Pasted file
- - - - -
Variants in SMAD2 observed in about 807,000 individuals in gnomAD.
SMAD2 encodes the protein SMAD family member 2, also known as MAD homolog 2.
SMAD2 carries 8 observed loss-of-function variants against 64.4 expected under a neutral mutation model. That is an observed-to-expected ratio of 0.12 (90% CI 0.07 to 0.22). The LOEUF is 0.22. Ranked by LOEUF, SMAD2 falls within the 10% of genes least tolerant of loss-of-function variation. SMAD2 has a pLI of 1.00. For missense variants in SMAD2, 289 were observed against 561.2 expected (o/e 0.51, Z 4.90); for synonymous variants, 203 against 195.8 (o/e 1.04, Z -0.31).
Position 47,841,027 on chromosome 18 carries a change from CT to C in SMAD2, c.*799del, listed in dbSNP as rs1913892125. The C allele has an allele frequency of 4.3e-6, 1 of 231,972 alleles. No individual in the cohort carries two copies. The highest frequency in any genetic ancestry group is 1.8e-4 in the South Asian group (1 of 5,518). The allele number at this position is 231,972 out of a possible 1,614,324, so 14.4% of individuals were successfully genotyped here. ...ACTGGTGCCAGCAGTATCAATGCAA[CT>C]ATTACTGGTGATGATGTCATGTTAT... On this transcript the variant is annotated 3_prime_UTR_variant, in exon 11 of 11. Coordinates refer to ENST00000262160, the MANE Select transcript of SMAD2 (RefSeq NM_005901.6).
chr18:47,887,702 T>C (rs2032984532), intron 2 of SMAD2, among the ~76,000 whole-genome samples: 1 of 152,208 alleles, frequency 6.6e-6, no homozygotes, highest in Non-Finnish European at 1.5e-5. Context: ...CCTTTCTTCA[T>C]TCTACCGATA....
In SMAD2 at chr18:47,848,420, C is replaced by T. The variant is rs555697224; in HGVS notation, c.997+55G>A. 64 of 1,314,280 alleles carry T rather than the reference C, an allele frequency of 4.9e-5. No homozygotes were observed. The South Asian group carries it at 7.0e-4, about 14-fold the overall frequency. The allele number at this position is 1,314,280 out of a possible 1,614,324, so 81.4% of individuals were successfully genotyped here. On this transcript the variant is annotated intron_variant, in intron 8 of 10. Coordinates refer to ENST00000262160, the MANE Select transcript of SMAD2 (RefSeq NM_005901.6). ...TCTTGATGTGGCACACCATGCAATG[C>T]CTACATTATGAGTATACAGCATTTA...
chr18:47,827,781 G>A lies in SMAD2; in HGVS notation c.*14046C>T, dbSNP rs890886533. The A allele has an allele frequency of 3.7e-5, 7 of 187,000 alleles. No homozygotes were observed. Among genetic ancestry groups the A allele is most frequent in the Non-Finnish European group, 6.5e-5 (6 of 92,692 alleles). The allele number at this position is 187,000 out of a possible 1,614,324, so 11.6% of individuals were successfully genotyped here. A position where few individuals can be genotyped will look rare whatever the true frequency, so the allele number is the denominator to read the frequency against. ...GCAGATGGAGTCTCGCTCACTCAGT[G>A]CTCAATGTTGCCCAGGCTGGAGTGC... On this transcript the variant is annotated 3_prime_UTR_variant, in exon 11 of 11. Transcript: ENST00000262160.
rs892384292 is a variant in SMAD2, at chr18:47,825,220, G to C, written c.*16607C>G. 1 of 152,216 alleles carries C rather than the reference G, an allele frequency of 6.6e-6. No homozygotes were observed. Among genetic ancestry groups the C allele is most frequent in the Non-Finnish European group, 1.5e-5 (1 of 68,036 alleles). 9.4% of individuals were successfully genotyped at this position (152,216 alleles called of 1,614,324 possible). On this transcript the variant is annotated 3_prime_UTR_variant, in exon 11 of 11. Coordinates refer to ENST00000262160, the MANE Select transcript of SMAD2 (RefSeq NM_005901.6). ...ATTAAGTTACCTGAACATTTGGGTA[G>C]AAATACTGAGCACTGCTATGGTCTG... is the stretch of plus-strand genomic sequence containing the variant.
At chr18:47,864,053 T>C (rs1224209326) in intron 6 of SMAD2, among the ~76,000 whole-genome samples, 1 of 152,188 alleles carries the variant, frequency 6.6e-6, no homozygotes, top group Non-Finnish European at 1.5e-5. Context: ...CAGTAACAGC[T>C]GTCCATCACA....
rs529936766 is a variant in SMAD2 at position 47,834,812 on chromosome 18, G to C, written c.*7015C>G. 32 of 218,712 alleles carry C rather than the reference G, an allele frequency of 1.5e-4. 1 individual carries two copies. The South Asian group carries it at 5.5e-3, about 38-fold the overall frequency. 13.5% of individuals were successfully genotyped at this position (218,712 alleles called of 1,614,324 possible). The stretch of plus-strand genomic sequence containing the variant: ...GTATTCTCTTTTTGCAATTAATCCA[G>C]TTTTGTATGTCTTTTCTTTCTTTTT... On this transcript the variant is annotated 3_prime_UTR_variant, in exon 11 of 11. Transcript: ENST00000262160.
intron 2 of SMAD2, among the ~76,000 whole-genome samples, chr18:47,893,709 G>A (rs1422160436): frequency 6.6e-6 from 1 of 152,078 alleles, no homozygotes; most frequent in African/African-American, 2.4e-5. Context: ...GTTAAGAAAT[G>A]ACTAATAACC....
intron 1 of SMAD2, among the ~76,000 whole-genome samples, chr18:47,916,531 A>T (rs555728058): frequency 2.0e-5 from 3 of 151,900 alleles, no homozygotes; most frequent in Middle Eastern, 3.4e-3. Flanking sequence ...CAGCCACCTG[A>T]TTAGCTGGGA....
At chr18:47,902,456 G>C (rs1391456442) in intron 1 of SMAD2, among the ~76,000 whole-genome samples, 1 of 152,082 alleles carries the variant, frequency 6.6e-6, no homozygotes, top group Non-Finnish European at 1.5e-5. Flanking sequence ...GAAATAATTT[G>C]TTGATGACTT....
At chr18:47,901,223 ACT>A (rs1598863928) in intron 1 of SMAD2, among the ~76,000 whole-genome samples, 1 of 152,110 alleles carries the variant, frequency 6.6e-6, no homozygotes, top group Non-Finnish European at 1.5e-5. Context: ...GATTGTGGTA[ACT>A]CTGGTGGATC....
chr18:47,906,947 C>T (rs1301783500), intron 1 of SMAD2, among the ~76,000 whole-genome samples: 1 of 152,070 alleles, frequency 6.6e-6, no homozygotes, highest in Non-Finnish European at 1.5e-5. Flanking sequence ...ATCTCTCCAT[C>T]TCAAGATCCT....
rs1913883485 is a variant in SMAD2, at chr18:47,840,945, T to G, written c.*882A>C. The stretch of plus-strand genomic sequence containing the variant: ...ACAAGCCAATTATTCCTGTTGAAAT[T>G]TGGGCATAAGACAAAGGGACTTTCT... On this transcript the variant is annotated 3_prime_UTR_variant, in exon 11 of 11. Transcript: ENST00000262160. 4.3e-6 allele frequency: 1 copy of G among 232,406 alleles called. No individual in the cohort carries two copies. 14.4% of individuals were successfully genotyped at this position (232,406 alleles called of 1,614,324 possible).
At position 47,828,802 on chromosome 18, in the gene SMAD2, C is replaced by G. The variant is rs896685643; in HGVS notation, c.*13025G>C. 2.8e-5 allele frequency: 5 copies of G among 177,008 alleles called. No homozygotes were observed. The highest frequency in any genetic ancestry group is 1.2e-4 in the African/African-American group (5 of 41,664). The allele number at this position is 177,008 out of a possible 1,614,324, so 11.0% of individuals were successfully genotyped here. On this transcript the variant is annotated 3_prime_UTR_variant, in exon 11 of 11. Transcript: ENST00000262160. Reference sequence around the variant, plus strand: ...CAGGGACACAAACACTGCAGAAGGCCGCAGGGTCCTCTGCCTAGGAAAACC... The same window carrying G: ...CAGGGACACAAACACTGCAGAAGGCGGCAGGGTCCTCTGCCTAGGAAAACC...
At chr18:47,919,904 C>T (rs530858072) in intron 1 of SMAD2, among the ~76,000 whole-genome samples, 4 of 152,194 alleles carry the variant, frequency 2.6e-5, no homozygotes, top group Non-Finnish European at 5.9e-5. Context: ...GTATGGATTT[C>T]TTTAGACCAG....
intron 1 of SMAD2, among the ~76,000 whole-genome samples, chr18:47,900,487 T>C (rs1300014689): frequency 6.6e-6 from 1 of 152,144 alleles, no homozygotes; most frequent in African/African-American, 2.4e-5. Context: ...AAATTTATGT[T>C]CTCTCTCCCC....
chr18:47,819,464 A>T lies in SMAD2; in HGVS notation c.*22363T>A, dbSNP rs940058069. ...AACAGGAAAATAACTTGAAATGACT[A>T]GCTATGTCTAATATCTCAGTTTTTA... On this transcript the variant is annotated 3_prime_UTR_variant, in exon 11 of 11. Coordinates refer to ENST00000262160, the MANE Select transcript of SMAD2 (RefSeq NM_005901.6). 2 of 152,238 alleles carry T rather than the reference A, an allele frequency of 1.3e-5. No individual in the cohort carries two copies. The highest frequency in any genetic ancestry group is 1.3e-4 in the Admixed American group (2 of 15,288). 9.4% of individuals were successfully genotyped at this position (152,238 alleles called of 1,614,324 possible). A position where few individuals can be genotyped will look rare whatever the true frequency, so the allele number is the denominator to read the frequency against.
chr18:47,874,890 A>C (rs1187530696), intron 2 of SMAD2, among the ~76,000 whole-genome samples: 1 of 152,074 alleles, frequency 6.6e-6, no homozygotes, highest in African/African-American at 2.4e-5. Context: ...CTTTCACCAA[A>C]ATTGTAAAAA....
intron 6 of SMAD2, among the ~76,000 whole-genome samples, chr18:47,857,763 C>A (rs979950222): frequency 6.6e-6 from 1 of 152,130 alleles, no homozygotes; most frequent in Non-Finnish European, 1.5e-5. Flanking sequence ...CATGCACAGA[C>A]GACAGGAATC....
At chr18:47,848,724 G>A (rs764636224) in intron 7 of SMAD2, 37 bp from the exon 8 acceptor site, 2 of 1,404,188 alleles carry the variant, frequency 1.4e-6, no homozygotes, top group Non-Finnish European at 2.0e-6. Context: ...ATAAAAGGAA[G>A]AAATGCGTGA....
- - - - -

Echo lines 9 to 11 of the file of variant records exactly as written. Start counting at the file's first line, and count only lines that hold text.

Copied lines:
At chr18:47,864,053 T>C (rs1224209326) in intron 6 of SMAD2, among the ~76,000 whole-genome samples, 1 of 152,188 alleles carries the variant, frequency 6.6e-6, no homozygotes, top group Non-Finnish European at 1.5e-5. Context: ...CAGTAACAGC[T>C]GTCCATCACA....
rs529936766 is a variant in SMAD2 at position 47,834,812 on chromosome 18, G to C, written c.*7015C>G. 32 of 218,712 alleles carry C rather than the reference G, an allele frequency of 1.5e-4. 1 individual carries two copies. The South Asian group carries it at 5.5e-3, about 38-fold the overall frequency. 13.5% of individuals were successfully genotyped at this position (218,712 alleles called of 1,614,324 possible). The stretch of plus-strand genomic sequence containing the variant: ...GTATTCTCTTTTTGCAATTAATCCA[G>C]TTTTGTATGTCTTTTCTTTCTTTTT... On this transcript the variant is annotated 3_prime_UTR_variant, in exon 11 of 11. Transcript: ENST00000262160.
intron 2 of SMAD2, among the ~76,000 whole-genome samples, chr18:47,893,709 G>A (rs1422160436): frequency 6.6e-6 from 1 of 152,078 alleles, no homozygotes; most frequent in African/African-American, 2.4e-5. Context: ...GTTAAGAAAT[G>A]ACTAATAACC....